For me, this exhibition is about the dialectic that exists in photography between science and art, between the delineation of subjects and their aesthetic.
For the curators, the exhibition seems to be about the value of these early prints both as art objects and historical artefacts. Obviously, they are aware of other implications in this work such as the one that struck me concerning a dialectic that is still at work in photography.
“Beauty is in the eye of the beholder!” Yet I think most people would find these images beautiful even if some of the subjects are banal.
Even early photographers responding to composition and traditional motifs such as The Golden Mean. Not so contrived as more concerned with the technology? Rob questions this!
The introduction of glass plate negatives changed the look if photographs even though the prints were still silver and salt based.
Was Impressionism a response to the apparent realism of photography? Apparently so as was it’s focus on the everyday with framing that on occasion would only reveal part rather than the whole of an object.
This exhibition evokes a more innocent era in which people were not so generally nervous about photography or aware of the many ways it could be used to bear a false rather than a true testament.
Looking at Hill and Adamson’s photograph of two girls called The Gowan, one would expect a photographer these days to find the photograph extremely low in contrast and in need of manipulation via a Curve!? This image is lighter than others probably as a result of wanting to retain shadow detail; in those days with the techniques of the time, contrast was much more difficult to apply. Nowadays it is much easier and so overdone.
Portrait of a Man made by Fenton in about 1854, shows a rather robust posture which makes the individual look like he might be disabled. This is almost certainly a result of the long exposure which required the pose to be held motionless for a considerable period.
Frenet’s posed portraits are however “a long way from the posed studio portrait.”
Similar motifs such as the after the flood photograph
Roger Fenton c. 1855

From Glass Plate Negative by Roger Fenton c. 1855

After the exhibition, we meet in the cafe, a group of about 10, to discuss the exhibition and try and determine what it is actually about.
We discuss the prints which are of everyday life with their own soft aesthetic. Wilson mentions their rich velvety look and tonal range which has been lost.
Luxurious! The effect of the prints is somewhat rarified. That they are black and white is a misconception of this work.
The connoisseur approach which looks at these photographs as art objects yet they are also a historical record. This method has been  “improved” upon !? Possible to see prints from a historical perspective or solely as art objects even though this might be the obvious response. Were not photographers of this era “upper class” and this resulted in photographswith a certain way of looking at the world. A privileged view. One can also view this exhibition from a connoisseurship perspective!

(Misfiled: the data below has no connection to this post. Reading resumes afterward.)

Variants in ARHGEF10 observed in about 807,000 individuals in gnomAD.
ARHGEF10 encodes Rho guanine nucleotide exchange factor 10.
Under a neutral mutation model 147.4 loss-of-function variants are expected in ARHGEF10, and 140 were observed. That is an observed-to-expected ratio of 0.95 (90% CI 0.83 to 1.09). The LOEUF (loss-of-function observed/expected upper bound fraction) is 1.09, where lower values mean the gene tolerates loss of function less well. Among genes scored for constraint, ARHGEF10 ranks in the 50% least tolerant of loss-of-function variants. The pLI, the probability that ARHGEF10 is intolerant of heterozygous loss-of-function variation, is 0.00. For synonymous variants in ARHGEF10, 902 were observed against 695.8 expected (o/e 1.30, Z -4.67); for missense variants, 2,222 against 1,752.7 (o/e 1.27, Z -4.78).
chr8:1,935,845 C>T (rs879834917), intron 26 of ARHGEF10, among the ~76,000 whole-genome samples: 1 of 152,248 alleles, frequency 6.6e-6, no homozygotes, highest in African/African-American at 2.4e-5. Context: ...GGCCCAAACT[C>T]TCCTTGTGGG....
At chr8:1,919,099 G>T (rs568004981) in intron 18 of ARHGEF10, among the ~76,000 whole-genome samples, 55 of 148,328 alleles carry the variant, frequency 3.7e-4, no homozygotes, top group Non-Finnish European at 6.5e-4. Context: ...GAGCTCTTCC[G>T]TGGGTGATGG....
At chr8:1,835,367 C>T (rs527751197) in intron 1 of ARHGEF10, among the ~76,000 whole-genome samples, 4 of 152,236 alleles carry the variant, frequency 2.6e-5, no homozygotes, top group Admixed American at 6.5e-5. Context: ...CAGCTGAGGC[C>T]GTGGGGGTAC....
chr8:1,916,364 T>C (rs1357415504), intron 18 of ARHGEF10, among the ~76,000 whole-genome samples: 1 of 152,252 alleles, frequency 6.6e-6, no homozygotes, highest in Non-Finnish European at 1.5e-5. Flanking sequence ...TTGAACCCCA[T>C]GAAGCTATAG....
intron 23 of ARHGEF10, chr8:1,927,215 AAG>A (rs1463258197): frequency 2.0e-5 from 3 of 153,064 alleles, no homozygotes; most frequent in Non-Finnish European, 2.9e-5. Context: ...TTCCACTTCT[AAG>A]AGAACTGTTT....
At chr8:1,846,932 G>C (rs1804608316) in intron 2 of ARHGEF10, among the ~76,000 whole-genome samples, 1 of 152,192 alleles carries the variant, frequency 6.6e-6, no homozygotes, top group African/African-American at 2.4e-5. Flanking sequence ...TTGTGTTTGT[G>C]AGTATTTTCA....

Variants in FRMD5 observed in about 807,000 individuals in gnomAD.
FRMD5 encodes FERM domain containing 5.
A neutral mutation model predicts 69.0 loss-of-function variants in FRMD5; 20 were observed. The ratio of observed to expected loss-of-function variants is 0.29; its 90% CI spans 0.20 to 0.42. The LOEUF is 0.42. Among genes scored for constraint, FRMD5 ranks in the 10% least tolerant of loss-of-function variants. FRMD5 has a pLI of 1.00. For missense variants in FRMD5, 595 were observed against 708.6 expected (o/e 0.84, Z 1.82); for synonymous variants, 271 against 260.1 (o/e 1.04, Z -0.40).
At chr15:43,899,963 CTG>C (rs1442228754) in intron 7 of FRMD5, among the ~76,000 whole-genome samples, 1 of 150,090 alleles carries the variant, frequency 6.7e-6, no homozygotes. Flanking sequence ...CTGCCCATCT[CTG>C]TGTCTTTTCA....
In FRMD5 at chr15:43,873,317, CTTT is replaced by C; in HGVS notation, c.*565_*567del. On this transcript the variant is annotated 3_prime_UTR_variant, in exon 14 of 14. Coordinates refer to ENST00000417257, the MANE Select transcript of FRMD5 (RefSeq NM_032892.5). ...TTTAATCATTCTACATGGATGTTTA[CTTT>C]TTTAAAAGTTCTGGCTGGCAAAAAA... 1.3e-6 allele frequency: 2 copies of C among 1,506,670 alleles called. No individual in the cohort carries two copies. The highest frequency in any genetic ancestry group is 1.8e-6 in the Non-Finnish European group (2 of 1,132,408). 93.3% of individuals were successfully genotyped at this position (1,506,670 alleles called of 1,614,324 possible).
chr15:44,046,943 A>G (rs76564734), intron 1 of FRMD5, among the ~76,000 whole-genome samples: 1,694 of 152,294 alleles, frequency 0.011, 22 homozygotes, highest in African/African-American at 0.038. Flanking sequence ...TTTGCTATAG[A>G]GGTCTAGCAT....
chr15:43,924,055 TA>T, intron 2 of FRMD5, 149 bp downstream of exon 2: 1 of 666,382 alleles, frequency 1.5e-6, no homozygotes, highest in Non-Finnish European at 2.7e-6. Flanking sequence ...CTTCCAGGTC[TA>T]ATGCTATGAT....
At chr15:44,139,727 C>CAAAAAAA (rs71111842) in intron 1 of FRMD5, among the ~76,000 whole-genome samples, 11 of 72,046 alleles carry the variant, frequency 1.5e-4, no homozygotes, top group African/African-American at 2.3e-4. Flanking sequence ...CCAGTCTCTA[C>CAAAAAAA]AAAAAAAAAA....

Archaeological approach in work of Salzmann and Linaeus Tripe among others.
Two ways of seeing the exhibition, as art and as document. One might see the exhibition in terms of technological development though the curators give us little understanding of this. There is not much if any mention of the significance of Talbot’s technique by which a captured image could be preserved and then duplicated. No mention or example of the “rival” Daguerrotype!
About British photography rather than French photography except French photography did use this British invention; we are in Tate Britain!
This show does not really challenge anything except perhaps our knowledge of what early photographic prints were like!? An example of early photography with the selection being made by curators and the owner of the archive. Perhaps exhibition does challenge our misconception of early photography as being composed of prints that do not have aesthetic value, being the products of an archaic process that needed improving. These photographs are perfectly acceptable representations of reality.
This exhibition seems to fly in the face of Walter Benjamin and John Berger who said the photograph has no aura since it can be reproduced infinitely; here, the photographs seem possessed of much aura but is it just that created by their museum and critics or do the images themselves have something remarkable about them? One would need to see the photographs free of all their trappings but these are as much in the mind as in physical objects hence not easy to separate the fiction around these photographs from the reality.
Alternative processes can become over-indulgent, a leisurely pursuit rather than an objective view. Gratuitous perhaps! However, understanding the process of alternative technologies (using film is one of them now!) might be helpful in developing one’s knowledge of photography.
There are examples of lost photographic processes being revived such as with platinum printing, an old process of photography that has not been surpassed and hence is being used to show an exhibition of Salgado’s Genesis.
Digital technology has roared ahead but can it produce work of the quality seen in the Silver and Salt exhibition? Digital has so much further to go; it is the Stone Age for digital at present. Camera sensors that can accommodate a much wider dynamic range is one possible area of development.